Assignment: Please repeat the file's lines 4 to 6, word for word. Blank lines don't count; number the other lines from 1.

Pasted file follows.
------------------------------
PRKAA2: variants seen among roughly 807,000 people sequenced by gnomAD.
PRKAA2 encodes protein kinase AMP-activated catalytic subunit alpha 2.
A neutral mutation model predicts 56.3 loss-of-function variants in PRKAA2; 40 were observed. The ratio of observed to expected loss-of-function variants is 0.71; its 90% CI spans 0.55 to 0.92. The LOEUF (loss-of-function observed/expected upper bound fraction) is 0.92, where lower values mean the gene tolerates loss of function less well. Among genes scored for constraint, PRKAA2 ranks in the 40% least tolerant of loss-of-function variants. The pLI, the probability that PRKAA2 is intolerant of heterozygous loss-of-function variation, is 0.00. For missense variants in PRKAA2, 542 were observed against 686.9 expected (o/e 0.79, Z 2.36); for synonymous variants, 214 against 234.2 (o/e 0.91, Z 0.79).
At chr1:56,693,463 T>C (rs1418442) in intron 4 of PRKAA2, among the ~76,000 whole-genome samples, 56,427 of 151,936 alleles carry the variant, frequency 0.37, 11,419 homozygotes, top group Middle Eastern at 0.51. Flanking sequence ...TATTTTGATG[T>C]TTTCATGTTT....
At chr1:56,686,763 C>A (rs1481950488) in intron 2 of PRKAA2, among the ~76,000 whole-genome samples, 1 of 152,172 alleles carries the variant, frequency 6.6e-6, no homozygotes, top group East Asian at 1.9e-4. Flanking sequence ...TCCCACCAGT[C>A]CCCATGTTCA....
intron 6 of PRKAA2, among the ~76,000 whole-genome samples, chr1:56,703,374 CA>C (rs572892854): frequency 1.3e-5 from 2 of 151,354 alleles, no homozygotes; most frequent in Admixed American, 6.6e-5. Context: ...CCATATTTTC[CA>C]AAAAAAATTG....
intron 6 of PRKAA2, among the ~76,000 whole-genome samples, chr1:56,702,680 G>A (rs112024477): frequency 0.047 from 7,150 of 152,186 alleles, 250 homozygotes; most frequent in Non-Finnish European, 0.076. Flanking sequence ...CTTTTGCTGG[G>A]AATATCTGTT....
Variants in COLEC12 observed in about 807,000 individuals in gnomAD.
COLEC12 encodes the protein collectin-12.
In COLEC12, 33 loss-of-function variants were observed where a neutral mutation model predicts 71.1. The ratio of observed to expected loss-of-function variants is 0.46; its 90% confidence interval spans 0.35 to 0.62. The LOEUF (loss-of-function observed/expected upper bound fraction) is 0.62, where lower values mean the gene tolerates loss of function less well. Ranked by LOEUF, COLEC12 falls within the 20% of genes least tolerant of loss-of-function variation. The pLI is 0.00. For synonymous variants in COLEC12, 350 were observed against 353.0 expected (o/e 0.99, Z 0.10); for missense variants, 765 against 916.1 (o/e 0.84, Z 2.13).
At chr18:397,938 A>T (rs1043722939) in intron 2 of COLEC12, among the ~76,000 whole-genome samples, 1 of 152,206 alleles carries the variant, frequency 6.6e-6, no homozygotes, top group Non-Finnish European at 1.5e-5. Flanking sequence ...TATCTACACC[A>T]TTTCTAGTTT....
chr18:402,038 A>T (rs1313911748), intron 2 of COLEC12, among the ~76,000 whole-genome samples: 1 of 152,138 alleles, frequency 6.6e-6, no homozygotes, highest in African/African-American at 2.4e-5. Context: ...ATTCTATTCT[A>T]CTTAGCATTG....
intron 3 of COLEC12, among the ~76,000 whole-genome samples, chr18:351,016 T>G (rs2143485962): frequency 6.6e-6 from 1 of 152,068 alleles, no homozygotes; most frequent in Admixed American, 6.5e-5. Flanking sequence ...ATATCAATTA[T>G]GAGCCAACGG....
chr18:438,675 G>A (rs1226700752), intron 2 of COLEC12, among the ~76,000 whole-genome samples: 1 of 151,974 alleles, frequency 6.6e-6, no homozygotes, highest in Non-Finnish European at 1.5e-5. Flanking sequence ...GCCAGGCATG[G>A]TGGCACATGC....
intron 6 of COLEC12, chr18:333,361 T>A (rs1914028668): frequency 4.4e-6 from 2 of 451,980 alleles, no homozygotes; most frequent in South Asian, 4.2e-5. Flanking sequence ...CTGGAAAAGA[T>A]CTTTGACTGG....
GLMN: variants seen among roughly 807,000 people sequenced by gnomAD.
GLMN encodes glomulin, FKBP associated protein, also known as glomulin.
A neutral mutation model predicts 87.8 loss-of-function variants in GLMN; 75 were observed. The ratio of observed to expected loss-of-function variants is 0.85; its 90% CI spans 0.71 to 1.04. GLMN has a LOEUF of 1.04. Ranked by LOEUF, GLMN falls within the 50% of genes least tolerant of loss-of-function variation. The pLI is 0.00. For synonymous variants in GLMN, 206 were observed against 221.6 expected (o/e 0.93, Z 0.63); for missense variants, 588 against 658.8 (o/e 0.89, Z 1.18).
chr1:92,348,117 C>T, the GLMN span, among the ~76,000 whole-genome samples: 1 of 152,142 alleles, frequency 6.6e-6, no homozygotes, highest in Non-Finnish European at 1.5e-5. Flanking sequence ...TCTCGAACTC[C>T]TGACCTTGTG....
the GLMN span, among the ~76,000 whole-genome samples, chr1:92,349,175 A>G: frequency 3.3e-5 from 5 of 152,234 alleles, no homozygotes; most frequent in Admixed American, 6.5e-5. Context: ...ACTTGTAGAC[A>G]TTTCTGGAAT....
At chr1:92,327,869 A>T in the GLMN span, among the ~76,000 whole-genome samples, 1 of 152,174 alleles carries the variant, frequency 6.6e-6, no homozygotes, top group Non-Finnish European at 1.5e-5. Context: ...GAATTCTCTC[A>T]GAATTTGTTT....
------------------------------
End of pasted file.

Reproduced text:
At chr1:56,693,463 T>C (rs1418442) in intron 4 of PRKAA2, among the ~76,000 whole-genome samples, 56,427 of 151,936 alleles carry the variant, frequency 0.37, 11,419 homozygotes, top group Middle Eastern at 0.51. Flanking sequence ...TATTTTGATG[T>C]TTTCATGTTT....
At chr1:56,686,763 C>A (rs1481950488) in intron 2 of PRKAA2, among the ~76,000 whole-genome samples, 1 of 152,172 alleles carries the variant, frequency 6.6e-6, no homozygotes, top group East Asian at 1.9e-4. Flanking sequence ...TCCCACCAGT[C>A]CCCATGTTCA....
intron 6 of PRKAA2, among the ~76,000 whole-genome samples, chr1:56,703,374 CA>C (rs572892854): frequency 1.3e-5 from 2 of 151,354 alleles, no homozygotes; most frequent in Admixed American, 6.6e-5. Context: ...CCATATTTTC[CA>C]AAAAAAATTG....